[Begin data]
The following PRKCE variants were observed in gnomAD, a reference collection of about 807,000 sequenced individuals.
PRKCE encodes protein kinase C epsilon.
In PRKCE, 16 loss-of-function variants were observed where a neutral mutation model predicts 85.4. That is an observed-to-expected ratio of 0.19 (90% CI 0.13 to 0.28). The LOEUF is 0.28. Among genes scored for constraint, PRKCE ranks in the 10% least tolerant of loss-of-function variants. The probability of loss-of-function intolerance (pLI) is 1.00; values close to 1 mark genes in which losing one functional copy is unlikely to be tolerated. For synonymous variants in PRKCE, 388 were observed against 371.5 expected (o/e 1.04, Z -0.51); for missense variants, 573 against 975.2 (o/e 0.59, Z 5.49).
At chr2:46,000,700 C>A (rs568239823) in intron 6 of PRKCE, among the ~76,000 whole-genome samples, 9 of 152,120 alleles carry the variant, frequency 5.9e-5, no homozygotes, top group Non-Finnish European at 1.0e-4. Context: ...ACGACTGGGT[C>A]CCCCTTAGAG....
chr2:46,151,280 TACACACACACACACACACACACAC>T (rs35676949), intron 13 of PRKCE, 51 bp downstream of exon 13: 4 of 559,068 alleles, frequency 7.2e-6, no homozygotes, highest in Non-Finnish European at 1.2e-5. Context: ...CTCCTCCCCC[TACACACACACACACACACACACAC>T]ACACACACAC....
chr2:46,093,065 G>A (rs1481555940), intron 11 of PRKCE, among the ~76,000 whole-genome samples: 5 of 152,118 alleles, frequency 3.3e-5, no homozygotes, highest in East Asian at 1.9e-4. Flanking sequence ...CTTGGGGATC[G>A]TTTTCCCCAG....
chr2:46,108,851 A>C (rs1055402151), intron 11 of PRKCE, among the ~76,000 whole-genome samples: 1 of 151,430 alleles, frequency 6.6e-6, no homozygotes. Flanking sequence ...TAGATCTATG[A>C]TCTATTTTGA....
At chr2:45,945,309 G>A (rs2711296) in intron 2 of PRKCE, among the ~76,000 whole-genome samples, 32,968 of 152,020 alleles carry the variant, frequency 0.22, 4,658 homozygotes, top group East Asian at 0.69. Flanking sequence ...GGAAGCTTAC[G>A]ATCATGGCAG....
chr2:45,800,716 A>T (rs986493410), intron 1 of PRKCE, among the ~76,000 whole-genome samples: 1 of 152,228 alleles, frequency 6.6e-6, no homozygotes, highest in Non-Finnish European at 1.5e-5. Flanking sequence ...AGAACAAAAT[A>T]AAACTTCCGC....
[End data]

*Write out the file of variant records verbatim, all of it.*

The following PRKCE variants were observed in gnomAD, a reference collection of about 807,000 sequenced individuals.
PRKCE encodes protein kinase C epsilon.
In PRKCE, 16 loss-of-function variants were observed where a neutral mutation model predicts 85.4. That is an observed-to-expected ratio of 0.19 (90% CI 0.13 to 0.28). The LOEUF is 0.28. Among genes scored for constraint, PRKCE ranks in the 10% least tolerant of loss-of-function variants. The probability of loss-of-function intolerance (pLI) is 1.00; values close to 1 mark genes in which losing one functional copy is unlikely to be tolerated. For synonymous variants in PRKCE, 388 were observed against 371.5 expected (o/e 1.04, Z -0.51); for missense variants, 573 against 975.2 (o/e 0.59, Z 5.49).
At chr2:46,000,700 C>A (rs568239823) in intron 6 of PRKCE, among the ~76,000 whole-genome samples, 9 of 152,120 alleles carry the variant, frequency 5.9e-5, no homozygotes, top group Non-Finnish European at 1.0e-4. Context: ...ACGACTGGGT[C>A]CCCCTTAGAG....
chr2:46,151,280 TACACACACACACACACACACACAC>T (rs35676949), intron 13 of PRKCE, 51 bp downstream of exon 13: 4 of 559,068 alleles, frequency 7.2e-6, no homozygotes, highest in Non-Finnish European at 1.2e-5. Context: ...CTCCTCCCCC[TACACACACACACACACACACACAC>T]ACACACACAC....
chr2:46,093,065 G>A (rs1481555940), intron 11 of PRKCE, among the ~76,000 whole-genome samples: 5 of 152,118 alleles, frequency 3.3e-5, no homozygotes, highest in East Asian at 1.9e-4. Flanking sequence ...CTTGGGGATC[G>A]TTTTCCCCAG....
chr2:46,108,851 A>C (rs1055402151), intron 11 of PRKCE, among the ~76,000 whole-genome samples: 1 of 151,430 alleles, frequency 6.6e-6, no homozygotes. Flanking sequence ...TAGATCTATG[A>C]TCTATTTTGA....
At chr2:45,945,309 G>A (rs2711296) in intron 2 of PRKCE, among the ~76,000 whole-genome samples, 32,968 of 152,020 alleles carry the variant, frequency 0.22, 4,658 homozygotes, top group East Asian at 0.69. Flanking sequence ...GGAAGCTTAC[G>A]ATCATGGCAG....
chr2:45,800,716 A>T (rs986493410), intron 1 of PRKCE, among the ~76,000 whole-genome samples: 1 of 152,228 alleles, frequency 6.6e-6, no homozygotes, highest in Non-Finnish European at 1.5e-5. Flanking sequence ...AGAACAAAAT[A>T]AAACTTCCGC....